Lack of Aspirin Before Angioplasty Linked to
Significantly Higher Death Rate
Failure to follow basic aspirin protocol raises
questions about medical staff adherence to other guidelines
7, 2013 - Despite recommendations from leading medical groups, a
surprising number of patients are not given aspirin before
artery-clearing coronary angioplasty and stenting, and those patients
have a significantly higher in-hospital death rate, according to
research from a Michigan network being presented at the American College
of Cardiology's 62nd Annual Scientific Session.
Aspirin use before angioplasty is a Class I
recommendation of the American College of Cardiology and American Heart
Association, the highest level of evidence for ACC/AHA guidelines.
Aspirin has well-documented anti-platelet activity in reducing the risk
of cardiac events.
Researchers evaluated registry data for 65,175
patients who had angioplasty and stenting, a percutaneous coronary
intervention or PCI, at one of 42 hospitals enrolled in the Blue Cross
Blue Shield of Michigan Cardiovascular Consortium PCI Quality
Improvement Initiative from January 2010 through December 2011.
Of these, 4,640 patients, or 7.1 percent, did not
receive aspirin as recommended within 24 hours before PCI. Roughly 90
percent of the non-aspirin patients had no documented barriers to
aspirin. Records did show that aspirin was withheld from some patients
who had a history of gastrointestinal bleeding, even though such a
history usually does not preclude pre-PCI aspirin.
"Our study is not designed to confirm a direct
causal effect of aspirin use on PCI outcomes, but [rather] to examine
any association with worse outcomes," said Mohamad Kenaan, MD, a
cardiovascular medicine fellow with University of Michigan Health
Systems, Ann Arbor, Mich., and the study's lead investigator.
it highlights an unexpectedly significant number of patients undergoing
PCI without receiving aspirin, despite the lack of a documented
contraindication in the majority of caseseven in institutions that are
active participants in an ongoing quality improvement initiative."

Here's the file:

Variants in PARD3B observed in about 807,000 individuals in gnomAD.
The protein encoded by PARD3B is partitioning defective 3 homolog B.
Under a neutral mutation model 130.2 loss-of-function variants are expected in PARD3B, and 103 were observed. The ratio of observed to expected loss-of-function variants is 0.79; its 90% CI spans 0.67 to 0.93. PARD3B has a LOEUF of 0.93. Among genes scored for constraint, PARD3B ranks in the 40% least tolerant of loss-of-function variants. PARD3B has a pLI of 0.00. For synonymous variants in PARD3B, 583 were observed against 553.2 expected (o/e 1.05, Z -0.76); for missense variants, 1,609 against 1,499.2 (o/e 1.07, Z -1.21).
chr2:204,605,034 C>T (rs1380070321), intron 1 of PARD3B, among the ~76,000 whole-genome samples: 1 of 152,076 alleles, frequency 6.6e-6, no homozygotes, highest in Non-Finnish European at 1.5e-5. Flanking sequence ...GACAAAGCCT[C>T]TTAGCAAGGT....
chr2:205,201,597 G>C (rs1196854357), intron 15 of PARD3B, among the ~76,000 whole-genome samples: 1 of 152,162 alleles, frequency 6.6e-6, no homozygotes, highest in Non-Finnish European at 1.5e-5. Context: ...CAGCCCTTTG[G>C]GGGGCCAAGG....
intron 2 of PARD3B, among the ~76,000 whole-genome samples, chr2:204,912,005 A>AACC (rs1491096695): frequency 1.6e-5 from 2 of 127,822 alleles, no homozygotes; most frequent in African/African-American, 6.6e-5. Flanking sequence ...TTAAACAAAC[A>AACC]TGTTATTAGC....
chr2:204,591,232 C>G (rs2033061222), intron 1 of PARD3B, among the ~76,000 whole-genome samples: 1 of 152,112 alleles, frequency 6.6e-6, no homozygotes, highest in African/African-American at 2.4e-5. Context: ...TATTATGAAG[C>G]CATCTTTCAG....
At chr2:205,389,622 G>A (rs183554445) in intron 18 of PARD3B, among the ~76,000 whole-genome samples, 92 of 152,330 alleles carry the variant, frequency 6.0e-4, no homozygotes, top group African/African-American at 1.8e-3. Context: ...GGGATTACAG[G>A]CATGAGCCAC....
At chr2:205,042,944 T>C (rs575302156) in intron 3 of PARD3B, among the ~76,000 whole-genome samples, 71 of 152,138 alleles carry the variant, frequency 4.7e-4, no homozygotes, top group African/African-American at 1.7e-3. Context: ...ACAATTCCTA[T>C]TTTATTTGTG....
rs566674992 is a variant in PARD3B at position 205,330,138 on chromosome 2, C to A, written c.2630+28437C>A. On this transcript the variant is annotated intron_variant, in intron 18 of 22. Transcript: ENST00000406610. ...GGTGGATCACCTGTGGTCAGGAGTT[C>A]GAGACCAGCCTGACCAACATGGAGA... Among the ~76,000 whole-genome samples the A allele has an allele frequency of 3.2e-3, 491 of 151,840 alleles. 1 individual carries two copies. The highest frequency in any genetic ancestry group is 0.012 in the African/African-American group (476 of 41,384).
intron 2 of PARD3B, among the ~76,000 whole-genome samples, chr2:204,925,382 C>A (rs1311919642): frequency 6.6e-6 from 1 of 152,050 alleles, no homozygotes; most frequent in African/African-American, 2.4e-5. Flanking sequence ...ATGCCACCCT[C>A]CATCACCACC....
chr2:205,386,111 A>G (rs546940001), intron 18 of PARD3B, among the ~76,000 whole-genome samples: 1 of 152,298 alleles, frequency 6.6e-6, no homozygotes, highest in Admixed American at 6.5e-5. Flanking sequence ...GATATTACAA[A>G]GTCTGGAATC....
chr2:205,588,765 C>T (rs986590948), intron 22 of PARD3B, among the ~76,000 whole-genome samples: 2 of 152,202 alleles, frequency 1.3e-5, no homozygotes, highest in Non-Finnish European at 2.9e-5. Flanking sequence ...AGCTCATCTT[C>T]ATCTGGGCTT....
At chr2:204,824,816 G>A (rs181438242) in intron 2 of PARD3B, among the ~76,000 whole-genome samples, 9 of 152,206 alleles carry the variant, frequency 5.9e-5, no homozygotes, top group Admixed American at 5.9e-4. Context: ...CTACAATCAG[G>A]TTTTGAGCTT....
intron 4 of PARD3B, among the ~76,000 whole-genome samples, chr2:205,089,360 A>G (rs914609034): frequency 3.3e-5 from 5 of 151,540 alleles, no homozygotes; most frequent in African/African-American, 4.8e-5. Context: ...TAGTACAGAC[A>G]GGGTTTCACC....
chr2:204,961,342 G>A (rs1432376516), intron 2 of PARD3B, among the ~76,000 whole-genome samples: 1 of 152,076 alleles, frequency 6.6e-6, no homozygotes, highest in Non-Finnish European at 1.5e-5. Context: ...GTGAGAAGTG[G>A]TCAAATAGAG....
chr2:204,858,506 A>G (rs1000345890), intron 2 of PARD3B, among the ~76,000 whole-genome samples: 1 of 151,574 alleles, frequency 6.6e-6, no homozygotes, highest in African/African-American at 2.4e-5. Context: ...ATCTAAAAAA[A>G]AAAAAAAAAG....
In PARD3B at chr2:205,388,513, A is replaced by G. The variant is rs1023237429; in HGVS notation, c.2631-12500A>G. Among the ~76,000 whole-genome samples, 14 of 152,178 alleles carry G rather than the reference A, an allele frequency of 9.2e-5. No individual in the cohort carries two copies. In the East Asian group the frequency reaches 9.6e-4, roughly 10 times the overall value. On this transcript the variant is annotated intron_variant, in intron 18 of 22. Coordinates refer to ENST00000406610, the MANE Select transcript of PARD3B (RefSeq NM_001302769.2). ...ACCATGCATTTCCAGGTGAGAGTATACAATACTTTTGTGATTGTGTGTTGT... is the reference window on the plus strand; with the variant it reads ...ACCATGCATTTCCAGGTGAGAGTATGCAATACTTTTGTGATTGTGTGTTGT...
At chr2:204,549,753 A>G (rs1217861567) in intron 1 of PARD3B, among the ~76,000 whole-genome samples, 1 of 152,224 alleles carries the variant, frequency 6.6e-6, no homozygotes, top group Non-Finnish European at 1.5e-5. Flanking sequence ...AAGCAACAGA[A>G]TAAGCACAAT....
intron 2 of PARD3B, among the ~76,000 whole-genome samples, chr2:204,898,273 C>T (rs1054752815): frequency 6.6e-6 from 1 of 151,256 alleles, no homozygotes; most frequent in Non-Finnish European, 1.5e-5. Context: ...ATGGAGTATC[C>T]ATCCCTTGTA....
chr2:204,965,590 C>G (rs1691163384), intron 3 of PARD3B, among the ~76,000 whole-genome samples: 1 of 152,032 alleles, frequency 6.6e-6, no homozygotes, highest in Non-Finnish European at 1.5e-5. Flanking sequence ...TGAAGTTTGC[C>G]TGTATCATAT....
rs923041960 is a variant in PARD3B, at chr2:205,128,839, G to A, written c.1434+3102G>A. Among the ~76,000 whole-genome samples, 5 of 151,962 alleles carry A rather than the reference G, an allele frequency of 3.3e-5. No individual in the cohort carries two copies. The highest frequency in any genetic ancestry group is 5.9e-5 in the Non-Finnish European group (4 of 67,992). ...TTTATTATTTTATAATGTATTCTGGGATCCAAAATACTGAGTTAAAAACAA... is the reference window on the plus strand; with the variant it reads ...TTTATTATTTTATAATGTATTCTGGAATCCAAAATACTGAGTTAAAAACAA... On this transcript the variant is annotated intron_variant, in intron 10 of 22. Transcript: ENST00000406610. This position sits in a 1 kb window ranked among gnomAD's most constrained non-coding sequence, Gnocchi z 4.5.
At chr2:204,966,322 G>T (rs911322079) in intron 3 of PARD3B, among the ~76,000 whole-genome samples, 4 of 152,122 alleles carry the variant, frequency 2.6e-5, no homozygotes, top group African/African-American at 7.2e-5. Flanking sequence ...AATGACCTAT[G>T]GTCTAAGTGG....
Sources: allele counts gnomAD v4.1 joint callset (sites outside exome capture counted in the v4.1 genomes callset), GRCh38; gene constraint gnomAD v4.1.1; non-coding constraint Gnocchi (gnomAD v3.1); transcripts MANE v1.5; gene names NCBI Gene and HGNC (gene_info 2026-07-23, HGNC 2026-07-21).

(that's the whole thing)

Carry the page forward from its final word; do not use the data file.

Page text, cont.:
The in-hospital mortality rate of 3.9 percent for
the non-aspirin group was considerably higher than the aspirin group's
1.2 percent, and the disadvantage remained after adjustment for
confounding bias: death, 3.9 vs. 2.8 percent and stroke, 0.5 vs. 0.1
Those findings held across subgroups, including
gender, age, type of coronary artery disease presentation and diabetes.
The exception was cardiogenic shocka state that presents challenges for
use of oral medicines like aspirin. There was no difference between the
groups in bleeding, need for transfusions or kidney damage caused by
imaging contrast agent.
Additional data analysis will address other
subgroups, hospital length of stay and bleeding. The registry does not
contain post-discharge data for longer-term follow-up.
"The strong association our study demonstrated
between aspirin non-use before PCI and worse outcomes, including
in-hospital death, across all types of ischemic heart disease should be
used as a platform for more studies to confirm our findings and motivate
quality efforts focused on optimizing aspirin use before PCI," Dr.
"Our findings also may indicate lack of adherence to other
guidelines, thus leading to worse outcomes."
This research was funded by the Blue Cross Blue
Shield of Michigan Cardiovascular Consortium Percutaneous Coronary
Intervention Quality Improvement Initiative.
The ACC's Annual Scientific Session brings together
cardiologists and cardiovascular specialists from around the world each
year to share the newest discoveries in treatment and prevention. Follow
@ACCMediaCenter and #ACC13 for the latest news from the meeting.
The American College of Cardiology is a nonprofit
medical society comprised of 43,000 physicians, surgeons, nurses,
physician assistants, pharmacists and practice managers. The College is
dedicated to transforming cardiovascular care, improving heart health
and advancing quality improvement, patient-centered care, payment
innovation and professionalism. The ACC also leads the formulation of
important cardiovascular health policy, standards and guidelines. It
bestows credentials upon cardiovascular specialists, provides
professional education, supports and disseminates cardiovascular
research, and operates national registries to measure and promote
quality care. For more information, visit
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